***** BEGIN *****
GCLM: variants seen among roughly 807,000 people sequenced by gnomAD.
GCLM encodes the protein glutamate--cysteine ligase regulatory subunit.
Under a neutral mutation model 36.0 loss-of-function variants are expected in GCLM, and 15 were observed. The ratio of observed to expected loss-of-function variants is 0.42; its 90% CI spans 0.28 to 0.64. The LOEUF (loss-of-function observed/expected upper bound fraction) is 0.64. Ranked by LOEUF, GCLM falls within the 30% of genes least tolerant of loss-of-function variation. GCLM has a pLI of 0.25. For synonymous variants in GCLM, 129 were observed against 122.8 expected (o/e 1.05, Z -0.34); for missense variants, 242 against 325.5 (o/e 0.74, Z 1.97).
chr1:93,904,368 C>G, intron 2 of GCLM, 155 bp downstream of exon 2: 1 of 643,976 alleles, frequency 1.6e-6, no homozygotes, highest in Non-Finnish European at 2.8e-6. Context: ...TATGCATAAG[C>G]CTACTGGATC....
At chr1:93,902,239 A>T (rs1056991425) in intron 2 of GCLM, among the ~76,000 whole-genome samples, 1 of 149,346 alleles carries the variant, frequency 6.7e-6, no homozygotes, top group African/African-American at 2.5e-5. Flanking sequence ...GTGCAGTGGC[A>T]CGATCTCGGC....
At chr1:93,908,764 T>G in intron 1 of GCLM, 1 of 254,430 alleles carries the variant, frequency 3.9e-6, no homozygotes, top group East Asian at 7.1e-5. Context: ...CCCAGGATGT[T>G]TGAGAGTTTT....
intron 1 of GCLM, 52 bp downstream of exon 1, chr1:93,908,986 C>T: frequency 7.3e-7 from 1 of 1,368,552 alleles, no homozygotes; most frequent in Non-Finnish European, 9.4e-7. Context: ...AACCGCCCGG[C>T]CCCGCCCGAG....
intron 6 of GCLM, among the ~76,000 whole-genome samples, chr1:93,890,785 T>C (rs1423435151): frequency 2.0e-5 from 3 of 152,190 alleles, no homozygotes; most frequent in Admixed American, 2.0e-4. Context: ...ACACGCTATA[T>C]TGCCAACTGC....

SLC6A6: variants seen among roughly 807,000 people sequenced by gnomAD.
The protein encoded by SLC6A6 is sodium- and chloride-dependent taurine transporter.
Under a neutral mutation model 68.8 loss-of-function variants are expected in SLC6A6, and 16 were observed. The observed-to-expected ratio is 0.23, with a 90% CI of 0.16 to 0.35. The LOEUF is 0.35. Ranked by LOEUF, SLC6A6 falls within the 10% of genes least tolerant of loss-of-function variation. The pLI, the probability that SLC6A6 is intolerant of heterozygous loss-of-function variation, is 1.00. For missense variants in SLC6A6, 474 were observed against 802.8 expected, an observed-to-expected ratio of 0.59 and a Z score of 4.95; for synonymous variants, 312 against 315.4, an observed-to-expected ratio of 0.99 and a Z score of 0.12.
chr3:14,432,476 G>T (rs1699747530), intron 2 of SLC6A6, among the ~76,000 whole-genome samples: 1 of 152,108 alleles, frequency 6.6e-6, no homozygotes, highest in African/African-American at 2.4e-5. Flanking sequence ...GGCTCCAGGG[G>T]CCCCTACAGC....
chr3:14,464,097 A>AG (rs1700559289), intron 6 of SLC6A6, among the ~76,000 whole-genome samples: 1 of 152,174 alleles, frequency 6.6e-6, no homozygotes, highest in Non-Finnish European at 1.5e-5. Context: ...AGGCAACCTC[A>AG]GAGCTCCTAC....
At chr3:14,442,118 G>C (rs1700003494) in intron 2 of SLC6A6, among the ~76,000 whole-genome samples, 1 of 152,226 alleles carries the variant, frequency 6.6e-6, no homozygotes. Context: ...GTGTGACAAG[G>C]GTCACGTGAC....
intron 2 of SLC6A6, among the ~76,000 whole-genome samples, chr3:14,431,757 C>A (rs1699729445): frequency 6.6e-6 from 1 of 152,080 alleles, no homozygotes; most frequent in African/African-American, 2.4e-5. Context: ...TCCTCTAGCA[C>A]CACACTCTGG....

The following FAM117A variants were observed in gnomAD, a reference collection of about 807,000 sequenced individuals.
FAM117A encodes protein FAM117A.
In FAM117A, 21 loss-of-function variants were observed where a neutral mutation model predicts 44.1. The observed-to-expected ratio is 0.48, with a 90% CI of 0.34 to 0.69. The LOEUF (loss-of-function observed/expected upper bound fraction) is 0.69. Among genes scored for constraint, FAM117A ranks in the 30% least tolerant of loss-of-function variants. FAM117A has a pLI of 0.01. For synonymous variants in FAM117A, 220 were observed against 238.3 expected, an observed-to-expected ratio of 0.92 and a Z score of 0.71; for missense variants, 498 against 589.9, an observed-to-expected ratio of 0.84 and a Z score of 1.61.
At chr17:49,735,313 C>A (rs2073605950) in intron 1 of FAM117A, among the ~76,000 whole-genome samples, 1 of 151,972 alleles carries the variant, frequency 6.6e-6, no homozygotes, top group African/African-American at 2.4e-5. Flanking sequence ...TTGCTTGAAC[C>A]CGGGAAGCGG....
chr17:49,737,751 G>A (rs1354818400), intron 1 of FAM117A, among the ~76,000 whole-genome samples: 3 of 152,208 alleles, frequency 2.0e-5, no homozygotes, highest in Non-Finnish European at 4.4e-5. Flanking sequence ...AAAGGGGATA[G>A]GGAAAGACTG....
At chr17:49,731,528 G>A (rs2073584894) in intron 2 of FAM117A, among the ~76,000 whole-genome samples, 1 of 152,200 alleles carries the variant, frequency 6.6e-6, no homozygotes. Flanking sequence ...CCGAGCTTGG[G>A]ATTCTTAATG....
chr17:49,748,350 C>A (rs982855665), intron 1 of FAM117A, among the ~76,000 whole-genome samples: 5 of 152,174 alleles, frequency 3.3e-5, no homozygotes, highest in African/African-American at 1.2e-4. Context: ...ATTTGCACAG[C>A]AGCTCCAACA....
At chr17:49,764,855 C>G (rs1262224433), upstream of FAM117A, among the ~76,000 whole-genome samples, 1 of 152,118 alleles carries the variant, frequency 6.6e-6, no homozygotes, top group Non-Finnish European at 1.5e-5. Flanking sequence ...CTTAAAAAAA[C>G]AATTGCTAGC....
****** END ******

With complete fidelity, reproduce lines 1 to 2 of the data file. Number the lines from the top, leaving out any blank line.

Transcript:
GCLM: variants seen among roughly 807,000 people sequenced by gnomAD.
GCLM encodes the protein glutamate--cysteine ligase regulatory subunit.